Immobile Mobile for Eight Hanging Banners was originally fabricated as a steel mobile armature from which to hang Calder’s banners, but was moved to the Centre Square parking garage after being deemed too heavy for the atrium roof. The banners were ultimately displayed using an alternative hanging method. Indicative of the artist’s signature bent-wire forms, the work is in many ways more representative of the artist’s oeuvre than the banners it was designed to support. Sitting since 1975, the sculpture has served as a permanent space-saver in a second level sub-basement parking garage purgatory.

Immobile Mobile for Eight Hanging Banners rests today as an obstacle. It inhibits retrieval of a 16’ ladder and encumbers access to pallets of paving stones. It once fell victim to a wayward yellow paint striping crew and has witnessed a boxed-wine-fueled bacchanalia or two. It is an immobile mobile amongst the automobiles.

(Immobile Mobile for Eight Hanging Banners is in collaboration with Leah Mackin as DBQ)

"B", Donora, PA, 2016
Vernacular markings in Donora, Pennsylvania serve as the impetus for an investigation of a fatal 1948 weather inversion.

USXB // The Fog, 2016
Framed serigraph on Inkjet, Framed serigraph on photocopied excerpt of Berton Roueché's "The Fog," The New Yorker, September 30, 1950 P. 33 - 34, steel shelf.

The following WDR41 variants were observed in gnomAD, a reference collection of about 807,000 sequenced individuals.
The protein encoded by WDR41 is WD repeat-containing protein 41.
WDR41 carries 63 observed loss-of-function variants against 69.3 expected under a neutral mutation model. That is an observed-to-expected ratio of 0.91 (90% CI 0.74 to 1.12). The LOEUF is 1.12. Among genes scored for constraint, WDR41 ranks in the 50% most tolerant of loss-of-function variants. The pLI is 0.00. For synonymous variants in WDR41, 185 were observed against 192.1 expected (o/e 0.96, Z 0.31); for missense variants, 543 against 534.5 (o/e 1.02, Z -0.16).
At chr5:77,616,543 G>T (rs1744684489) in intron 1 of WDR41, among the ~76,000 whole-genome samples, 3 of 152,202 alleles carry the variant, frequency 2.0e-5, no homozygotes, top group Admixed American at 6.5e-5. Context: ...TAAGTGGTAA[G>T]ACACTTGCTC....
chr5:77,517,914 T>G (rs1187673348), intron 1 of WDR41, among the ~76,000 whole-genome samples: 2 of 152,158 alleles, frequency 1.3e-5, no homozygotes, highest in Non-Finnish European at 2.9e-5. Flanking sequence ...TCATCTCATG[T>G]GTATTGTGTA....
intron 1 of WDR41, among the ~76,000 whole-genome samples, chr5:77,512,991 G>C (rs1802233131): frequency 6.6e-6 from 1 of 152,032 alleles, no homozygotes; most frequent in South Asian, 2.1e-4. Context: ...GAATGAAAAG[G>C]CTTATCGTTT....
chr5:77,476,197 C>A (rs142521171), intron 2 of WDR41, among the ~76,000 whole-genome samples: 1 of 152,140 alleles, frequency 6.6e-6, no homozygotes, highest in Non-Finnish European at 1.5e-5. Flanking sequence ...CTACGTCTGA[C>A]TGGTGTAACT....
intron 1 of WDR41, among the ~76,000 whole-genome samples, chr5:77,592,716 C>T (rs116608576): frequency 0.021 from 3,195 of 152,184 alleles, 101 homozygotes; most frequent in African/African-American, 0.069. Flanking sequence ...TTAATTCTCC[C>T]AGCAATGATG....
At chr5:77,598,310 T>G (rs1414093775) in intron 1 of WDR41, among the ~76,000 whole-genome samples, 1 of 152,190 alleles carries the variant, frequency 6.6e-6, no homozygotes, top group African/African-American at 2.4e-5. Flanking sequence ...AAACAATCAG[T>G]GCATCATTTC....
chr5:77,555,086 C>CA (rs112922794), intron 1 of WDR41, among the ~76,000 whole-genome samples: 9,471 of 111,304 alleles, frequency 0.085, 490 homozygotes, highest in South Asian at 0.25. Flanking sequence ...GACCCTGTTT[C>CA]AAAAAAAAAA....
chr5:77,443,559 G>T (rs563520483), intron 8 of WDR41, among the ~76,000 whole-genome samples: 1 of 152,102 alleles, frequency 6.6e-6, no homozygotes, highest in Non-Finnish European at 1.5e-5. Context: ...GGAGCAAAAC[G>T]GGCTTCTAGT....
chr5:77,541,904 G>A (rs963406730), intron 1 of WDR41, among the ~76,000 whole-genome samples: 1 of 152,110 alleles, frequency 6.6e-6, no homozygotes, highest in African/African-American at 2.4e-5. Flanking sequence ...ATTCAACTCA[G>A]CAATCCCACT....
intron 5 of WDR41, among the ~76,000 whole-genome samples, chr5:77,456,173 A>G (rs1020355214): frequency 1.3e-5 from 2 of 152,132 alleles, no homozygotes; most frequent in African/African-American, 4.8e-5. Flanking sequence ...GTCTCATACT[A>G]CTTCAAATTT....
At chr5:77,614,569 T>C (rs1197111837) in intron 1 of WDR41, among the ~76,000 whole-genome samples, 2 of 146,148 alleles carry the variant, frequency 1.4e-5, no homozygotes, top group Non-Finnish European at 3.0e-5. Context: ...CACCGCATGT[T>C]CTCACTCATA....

26.5" x 14.5"

Foggy "B", Donora, PA, 2016
Inkjet Print
19" x 13"

"B" Inversion, 2016
Enamel, sprayed latex, sprayed acrylic on canvas with steel
27" x 52"

A Transcription of the Joncaire Street Steps, 2015

In anticipation of the purported demolition and replacement of the Joncaire Street Steps in Pittsburgh’s Oakland neighborhood, DBQ presents A Transcription of the Joncaire Street Steps. Equal parts archive and crowd-sourced poem, this publication records the marks that have been made by some of those who have traversed the 136 steps connecting Panther Hollow to Central Oakland.

Described by a PennDot spokesperson as “deteriorated”, the Joncaire Street Steps are one of over 700 sets of municipal stairs connecting sections of Pittsburgh too steep for vehicular traffic. The City of Pittsburgh has received $384,000 of federal funding from the Transportation Alternatives Project (TAP) to replace the Joncaire Street Steps, with plans to to begin construction in 2016

On Friday, November 20th, DBQ hosted a publication release event on the Joncaire Street Steps. In conjunction with the event, related readings from the nearby Carnegie Library of Pittsburgh were collected to form the second volume of another DBQ project, Open Stacks. The books were available for visitors to peruse during the reception.

(A Transcription of the Joncaire Street StepsIn collaboration with Leah Mackin as DBQ)

8 pages, 2-color risograph, 5.75" x 7.375", Edition of 200.
$5.00 - U.S. orders only, ships without an envelope - just a stamp on the back. Send a copy to a friend too!
Planned Parenthood of Western Pennsylvania, The ACLU of Pennsylvania, and The Southern Poverty Law Center.


Steven Zevitas Gallery
Guerrero Gallery